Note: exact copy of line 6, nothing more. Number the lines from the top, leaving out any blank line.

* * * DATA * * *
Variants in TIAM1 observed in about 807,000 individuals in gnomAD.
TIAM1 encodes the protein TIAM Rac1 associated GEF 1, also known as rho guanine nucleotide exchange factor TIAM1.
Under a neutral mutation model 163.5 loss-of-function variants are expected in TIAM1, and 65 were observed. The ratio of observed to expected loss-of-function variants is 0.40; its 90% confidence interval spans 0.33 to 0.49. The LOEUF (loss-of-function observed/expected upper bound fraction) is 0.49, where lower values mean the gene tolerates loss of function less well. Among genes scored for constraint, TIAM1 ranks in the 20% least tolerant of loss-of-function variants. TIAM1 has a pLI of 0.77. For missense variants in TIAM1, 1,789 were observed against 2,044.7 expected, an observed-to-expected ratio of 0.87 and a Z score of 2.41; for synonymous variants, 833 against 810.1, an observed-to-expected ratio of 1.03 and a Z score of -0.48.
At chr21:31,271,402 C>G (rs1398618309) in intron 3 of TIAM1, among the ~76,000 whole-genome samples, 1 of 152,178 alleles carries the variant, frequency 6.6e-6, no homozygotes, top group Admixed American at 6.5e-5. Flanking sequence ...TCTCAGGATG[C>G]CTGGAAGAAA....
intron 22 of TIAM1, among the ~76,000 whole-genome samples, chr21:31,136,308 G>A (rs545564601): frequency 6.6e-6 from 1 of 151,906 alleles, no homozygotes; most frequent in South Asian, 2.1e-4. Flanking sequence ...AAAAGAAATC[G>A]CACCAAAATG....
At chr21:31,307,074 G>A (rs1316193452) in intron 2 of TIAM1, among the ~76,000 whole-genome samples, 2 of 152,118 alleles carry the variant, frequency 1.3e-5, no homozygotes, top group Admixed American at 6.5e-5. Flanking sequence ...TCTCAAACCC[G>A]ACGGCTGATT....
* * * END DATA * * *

At chr21:31,307,074 G>A (rs1316193452) in intron 2 of TIAM1, among the ~76,000 whole-genome samples, 2 of 152,118 alleles carry the variant, frequency 1.3e-5, no homozygotes, top group Admixed American at 6.5e-5. Flanking sequence ...TCTCAAACCC[G>A]ACGGCTGATT....